Oregon’s the favorite, but the Rams could pull an upset. Tipoff’s scheduled for 7:10 p.m. ET on TBS.
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Time: 7:10 p.m. ET
Site: Sacramento, Calif.
The game has a bit of a David-vs.-Goliath feel, because Rhode Island’s an 11th seed and Oregon’s a No. 3. But that might oversimplify things. The Ducks are indeed favorites, but only by about 5.5 points at most books. Ken Pomeroy’s projection model (subscription required) gives Rhode Island a one-in-three shot to win.
The Rams “upset” No. 6 Creighton on Friday, but that didn’t feel a lot like an upset. Rhode Island is a quality team and has hung with good competition often. The Rams play top-notch field-goal defense. They block shots, and they’re incredibly stingy about three-pointers. If you rely on the long ball, Rhody’s not the team you want to play.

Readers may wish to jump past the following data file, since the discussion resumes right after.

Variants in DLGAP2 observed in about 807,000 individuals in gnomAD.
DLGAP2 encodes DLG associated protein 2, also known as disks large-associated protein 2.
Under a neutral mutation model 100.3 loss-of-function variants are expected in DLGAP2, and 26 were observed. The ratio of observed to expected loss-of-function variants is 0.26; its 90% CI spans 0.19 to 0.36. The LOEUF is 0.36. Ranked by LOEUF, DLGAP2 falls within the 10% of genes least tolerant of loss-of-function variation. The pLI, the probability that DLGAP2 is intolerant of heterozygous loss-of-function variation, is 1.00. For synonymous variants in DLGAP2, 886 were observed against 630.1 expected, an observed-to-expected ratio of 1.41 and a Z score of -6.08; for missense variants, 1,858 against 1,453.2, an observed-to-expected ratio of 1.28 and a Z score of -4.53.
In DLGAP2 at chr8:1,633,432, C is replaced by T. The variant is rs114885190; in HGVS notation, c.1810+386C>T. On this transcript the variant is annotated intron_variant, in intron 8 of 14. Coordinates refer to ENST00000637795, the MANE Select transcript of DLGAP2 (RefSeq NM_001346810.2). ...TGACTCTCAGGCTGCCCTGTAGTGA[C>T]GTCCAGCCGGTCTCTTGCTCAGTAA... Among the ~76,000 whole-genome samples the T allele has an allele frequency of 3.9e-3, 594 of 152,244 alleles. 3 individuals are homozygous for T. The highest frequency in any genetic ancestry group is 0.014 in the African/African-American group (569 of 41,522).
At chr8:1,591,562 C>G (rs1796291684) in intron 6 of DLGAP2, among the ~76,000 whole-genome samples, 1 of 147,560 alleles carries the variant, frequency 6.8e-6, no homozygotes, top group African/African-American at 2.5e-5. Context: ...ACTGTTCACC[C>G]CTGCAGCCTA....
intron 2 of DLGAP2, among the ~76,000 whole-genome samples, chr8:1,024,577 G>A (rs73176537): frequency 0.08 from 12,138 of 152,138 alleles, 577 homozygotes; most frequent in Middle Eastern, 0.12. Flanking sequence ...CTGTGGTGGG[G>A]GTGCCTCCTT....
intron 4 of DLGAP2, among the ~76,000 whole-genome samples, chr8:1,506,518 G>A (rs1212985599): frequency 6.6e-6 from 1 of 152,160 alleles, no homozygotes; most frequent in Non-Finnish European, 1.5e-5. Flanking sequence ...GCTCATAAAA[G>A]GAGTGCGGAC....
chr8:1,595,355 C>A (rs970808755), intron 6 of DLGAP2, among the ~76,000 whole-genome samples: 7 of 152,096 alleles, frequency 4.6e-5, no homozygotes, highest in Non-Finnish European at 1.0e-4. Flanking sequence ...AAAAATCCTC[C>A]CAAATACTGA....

Well, Oregon likes the long ball. The Ducks’ offense is their strength, and they’ve been a pretty good shooting team all year. They take a lot of three-pointers; 39 percent of their shots are from deep, and they make 38 percent of those. Shooting from deep is a critical part of the Oregon offense, and it won’t be done easily against Rhode Island.
The Ducks’ best hope to score a bunch is to get to the foul line. Rhode Island does send teams to the stripe often, and if Jordan Bell and Dillon Brooks can spend some time there, they’ll be putting their squad in a good position. That’s the most exploitable Rhode Island weakness, though a lot can change in the course of a 40-minute tournament game.
All in all, expect this one to be pretty fun. Rhode Island’s enough of an underdog that it will feel magical if the Rams win, but it’s good enough that there’s a real shot it happens. That’s a good recipe for drama.